Monday, April 14, 2014


It has been a whirlwind week...
First the WSO convention where I was given the people's choice award!

Then Robert Burridge's workshop Monday - Thursday. I was lucky to get in — it was by lottery! Here are the Bobers and Bobettes (as Bob's lovely assistant, Kate, calls us)...

While working in acrylic was a stretch for this watercolor lover, Bob did not disappoint! He exudes fun. Maybe it's his background as a magician or just his playful attitude — he genuinely enjoys teaching and his enthusiasm is catching.

We learned to paint drip trees... And carrot people... these are Bob's examples.

I wanted to do birds. Here are a couple of acrylic paintings in progress — loose by virtue of using lots of water. I used the new Golden FLOW medium to make it extra juicy.
Bob doesn't draw first, but I do. Pencil doesn't work over an acrylic background so I used a white Derwent Art Bar (water soluble crayon) to make a quick sketch.

I'm using negative painting over a background of gold gesso with an over layer of greenish paint — covering anything that is not the swan. It still needs some work.

This heron appears out of the mist — I'm liking it pretty well as is.



On Friday I went up to Vancouver to teach a workshop for Southwest Washington Watercolor Society. We had a blast!

We worked fast and covered a lot of territory. First we put watercolor paintings or paper on cradled panels, step-by-step.

Then we painted watercolor over matte medium to get textural effects.
I started this trillium painting at the workshop (left), drawing quickly with water soluble graphite. I've added another layer (right). The graphite bleeds into the paint when it gets wet, creating interesting effects.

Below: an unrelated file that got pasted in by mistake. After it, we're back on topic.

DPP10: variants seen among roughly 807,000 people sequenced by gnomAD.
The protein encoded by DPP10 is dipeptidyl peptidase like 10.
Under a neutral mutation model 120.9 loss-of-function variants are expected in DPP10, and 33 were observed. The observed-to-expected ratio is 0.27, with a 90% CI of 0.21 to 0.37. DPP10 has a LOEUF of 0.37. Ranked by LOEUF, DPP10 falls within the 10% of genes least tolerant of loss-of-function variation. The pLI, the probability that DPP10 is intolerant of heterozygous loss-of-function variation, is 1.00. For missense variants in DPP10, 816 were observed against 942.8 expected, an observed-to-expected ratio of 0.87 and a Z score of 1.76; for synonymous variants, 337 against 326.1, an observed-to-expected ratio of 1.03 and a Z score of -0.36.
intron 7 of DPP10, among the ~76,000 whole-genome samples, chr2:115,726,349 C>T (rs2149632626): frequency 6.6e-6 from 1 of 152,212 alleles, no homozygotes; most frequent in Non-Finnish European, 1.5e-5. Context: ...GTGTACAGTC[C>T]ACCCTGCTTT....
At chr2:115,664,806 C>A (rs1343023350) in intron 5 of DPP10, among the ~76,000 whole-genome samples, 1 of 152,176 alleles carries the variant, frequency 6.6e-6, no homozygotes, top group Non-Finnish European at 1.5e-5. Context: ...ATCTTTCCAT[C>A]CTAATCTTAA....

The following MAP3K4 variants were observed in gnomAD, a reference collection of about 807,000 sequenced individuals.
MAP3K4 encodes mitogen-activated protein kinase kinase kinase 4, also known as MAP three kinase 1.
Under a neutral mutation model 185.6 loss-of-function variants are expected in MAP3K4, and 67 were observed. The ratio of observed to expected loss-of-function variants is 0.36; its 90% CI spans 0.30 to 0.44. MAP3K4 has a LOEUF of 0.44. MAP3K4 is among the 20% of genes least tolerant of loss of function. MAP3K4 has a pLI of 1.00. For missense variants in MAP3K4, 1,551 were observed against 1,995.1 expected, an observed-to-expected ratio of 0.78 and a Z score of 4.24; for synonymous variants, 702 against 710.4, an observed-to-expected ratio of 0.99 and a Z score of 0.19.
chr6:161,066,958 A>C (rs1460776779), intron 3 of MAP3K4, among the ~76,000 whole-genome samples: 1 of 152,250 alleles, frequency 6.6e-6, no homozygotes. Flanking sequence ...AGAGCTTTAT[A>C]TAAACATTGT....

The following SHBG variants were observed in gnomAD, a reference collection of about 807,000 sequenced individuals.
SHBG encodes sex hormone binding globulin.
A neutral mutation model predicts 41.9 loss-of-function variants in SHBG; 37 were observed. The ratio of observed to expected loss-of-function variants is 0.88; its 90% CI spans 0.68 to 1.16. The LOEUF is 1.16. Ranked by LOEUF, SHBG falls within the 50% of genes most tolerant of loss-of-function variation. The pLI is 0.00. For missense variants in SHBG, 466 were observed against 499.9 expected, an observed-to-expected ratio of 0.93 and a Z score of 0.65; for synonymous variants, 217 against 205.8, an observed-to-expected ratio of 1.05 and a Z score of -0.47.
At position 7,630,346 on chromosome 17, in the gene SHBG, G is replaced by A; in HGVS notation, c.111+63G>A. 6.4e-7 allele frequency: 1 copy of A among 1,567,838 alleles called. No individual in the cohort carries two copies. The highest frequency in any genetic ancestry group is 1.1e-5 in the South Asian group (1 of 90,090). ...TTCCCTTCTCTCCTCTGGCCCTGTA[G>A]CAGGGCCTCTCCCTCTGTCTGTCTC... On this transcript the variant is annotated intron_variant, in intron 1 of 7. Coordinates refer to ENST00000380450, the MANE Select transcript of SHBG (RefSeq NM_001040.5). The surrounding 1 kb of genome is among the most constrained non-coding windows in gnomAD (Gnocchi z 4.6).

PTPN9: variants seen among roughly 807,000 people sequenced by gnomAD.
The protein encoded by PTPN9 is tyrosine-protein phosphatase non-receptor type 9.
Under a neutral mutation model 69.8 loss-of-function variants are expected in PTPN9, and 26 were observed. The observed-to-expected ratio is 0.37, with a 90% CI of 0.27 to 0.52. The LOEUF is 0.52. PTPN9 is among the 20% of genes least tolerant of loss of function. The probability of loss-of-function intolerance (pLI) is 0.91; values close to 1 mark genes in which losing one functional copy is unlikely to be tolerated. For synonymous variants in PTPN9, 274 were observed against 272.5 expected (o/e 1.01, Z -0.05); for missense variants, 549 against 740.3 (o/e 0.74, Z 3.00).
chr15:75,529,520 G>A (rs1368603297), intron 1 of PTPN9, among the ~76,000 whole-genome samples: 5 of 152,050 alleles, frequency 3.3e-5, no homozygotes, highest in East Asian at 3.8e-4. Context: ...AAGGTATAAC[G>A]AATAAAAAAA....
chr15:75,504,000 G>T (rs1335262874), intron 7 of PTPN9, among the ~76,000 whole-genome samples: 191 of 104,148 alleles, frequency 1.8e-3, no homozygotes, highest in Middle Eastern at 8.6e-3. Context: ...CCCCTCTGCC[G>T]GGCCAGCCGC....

Here's Lynda working on a trillium. The matte medium makes the paper less absorbent and the paint tends to pool and make oodles of oozles. Sometimes I tilt the paper to direct the flow, propping up one side. Other times I allow it to do it's own thing! Resist sopping up the puddles and be patient as the paint dries. Keep building up paint until the values are right.

This magnolia pod is finished, after several layers plus scribbling over the top with my black mix, adding to the darks — blending with a spray of water.

What a sweet group... some said it was the best workshop they'd ever taken! I look forward to returning next spring.

Sunday, March 9, 2014


14 of us spent 12 days at a retreat center in Kauai last February.
It was a remarkable time! This will give you a flavor of the trip...

We toured botanical gardens, visited art galleries, walked on the beach, cooked amazing meals and took scads of pictures.

See, it didn't rain the whole time... that's Harriet with a sea treasure and Melody and Verna getting their feet wet at Hanalei, where Puff The Magic Dragon lives!

For both food and entertainment. We ate, we gawked, we took things home as reference material for painting! That's Sharon, holding a large citrusy thing and breadfruit — perhaps more lovely to look at than to eat?

Specializes in native plants — and also labels the non-native invaders. The views from above were lovely! Here's Peggy, referring to the handy plant guide.

Fascinating cultural landmark cut into a hillside —plus home to hundreds of orchids! I took hundreds of photos.

OK, that's a myth, the Makauwahi Cave Reserve is just a sink hole, but it's fascinating. We were lucky enough to be led on a tour by David Burney, who wrote a book about it, and could give us the real significance.

Janet connected us with an invitation to visit Wendy Hollender's class at the National Tropical Botanical Garden's Research Facility. She works in colored pencil to render fabulous botanicals. One of her students, hard at work on the left, and me at the garden's visitor center.